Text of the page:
An environmental consulting firm has tried to determine just how environmentally friendly e-book readers and tablets such as Apple's iPad and Amazon's Kindle are.
The Cleantech Group, billed as a leading research, advisory and networking resource for the global clean technology industry, calculates a single book generates almost 17 pounds, or 7.5 kilograms, of carbon dioxide equivalents.
That figure, based on a aggregated a series of studies, includes production, transport and either recycling or disposal reports The Washington Post.
In contrast, Cleantech estimates Apple's iPad generates a hefty 286 pounds or 130 kilograms of carbon dioxide equivalents during its lifetime. Meanwhile, Amazon's Kindle generates around 370 pounds or 168 kilograms of carbon dioxide equivalents according to estimates.
But the report indicates that, on average, the carbon emitted in the lifecycle of a Kindle is fully offset after the first year of use.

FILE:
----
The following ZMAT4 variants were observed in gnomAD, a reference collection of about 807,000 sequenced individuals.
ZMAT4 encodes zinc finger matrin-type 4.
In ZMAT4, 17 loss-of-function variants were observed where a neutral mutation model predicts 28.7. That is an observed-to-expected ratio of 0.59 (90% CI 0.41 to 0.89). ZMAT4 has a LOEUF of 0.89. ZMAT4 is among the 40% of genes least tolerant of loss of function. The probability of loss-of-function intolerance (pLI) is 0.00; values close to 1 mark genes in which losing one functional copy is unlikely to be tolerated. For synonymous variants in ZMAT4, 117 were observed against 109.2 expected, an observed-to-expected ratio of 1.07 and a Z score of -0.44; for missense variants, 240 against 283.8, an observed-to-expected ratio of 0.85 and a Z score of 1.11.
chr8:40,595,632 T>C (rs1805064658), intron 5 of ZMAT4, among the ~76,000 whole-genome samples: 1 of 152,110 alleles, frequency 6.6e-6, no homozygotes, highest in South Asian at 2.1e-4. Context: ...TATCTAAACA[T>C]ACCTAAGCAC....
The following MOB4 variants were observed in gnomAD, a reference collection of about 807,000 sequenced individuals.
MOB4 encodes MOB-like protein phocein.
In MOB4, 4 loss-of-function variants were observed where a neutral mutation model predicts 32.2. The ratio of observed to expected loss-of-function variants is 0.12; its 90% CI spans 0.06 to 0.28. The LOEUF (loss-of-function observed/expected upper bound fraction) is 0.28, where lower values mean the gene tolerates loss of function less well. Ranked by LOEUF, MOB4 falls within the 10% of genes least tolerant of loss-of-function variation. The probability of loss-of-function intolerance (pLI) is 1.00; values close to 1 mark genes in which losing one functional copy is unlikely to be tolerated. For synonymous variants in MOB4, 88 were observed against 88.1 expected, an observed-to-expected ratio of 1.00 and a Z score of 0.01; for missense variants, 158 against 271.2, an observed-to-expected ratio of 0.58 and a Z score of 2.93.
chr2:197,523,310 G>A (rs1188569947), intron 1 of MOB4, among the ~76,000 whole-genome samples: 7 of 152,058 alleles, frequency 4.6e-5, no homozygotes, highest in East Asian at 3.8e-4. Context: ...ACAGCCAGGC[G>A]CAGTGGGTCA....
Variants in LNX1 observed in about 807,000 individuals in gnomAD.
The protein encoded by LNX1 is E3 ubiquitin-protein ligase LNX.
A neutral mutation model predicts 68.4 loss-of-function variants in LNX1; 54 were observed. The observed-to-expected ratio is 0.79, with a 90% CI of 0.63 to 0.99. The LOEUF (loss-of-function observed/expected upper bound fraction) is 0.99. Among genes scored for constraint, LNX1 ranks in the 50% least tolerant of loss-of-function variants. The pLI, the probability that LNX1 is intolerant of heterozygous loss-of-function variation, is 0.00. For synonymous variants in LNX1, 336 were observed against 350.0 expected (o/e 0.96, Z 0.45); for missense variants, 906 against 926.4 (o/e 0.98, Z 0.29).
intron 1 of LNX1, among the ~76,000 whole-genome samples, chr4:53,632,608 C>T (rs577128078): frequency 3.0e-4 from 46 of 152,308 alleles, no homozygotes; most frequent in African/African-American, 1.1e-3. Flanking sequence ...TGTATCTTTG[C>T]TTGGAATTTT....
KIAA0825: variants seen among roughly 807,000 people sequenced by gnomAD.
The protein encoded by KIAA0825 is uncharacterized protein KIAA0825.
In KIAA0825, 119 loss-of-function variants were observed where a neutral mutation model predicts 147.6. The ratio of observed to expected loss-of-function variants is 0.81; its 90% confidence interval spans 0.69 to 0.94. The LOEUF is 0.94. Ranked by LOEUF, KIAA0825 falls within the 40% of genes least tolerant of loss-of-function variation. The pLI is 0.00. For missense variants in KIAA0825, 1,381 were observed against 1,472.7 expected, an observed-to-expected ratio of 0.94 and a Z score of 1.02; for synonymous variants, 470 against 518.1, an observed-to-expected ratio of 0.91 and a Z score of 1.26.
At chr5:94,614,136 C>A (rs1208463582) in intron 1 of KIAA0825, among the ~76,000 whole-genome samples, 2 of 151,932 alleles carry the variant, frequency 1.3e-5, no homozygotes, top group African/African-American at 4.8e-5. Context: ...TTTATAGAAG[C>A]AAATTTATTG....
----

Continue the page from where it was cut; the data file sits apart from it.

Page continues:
The Washington Post's Brian Palmer writes: "If we can trust those numbers, then, the iPad pays for its CO2 emissions about one-third of the way through your 18th book. You'd need to get halfway into your 23rd book on Kindle to get out of the environmental red."
Palmer adds: "Forrester Research estimates that the average user purchases three books per month. At that rate, you could earn back your iPad's carbon dioxide in just six months."
With regards water consumption, the New York Times reports it takes seven gallons to produce the average printed book, compared to "less than two cups of water" to create a typical e-book. However, the newspaper estimates 79 gallons of water are needed to produce a e-book reader. "So you come out on top, water-wise, after reading about a dozen books," Palmer adds.
Despite the green credentials promoted by companies such as Apple and Amazon, when it comes to toxic chemicals both traditional books and e-readers aren't free of potential risks. Palmer claims e-book readers require the mining of non-renewable minerals, such as columbite-tantalite, as well as relying on lithium batteries, while the printing process can release volatile organic compounds.
Brian Palmer's full article can be found here.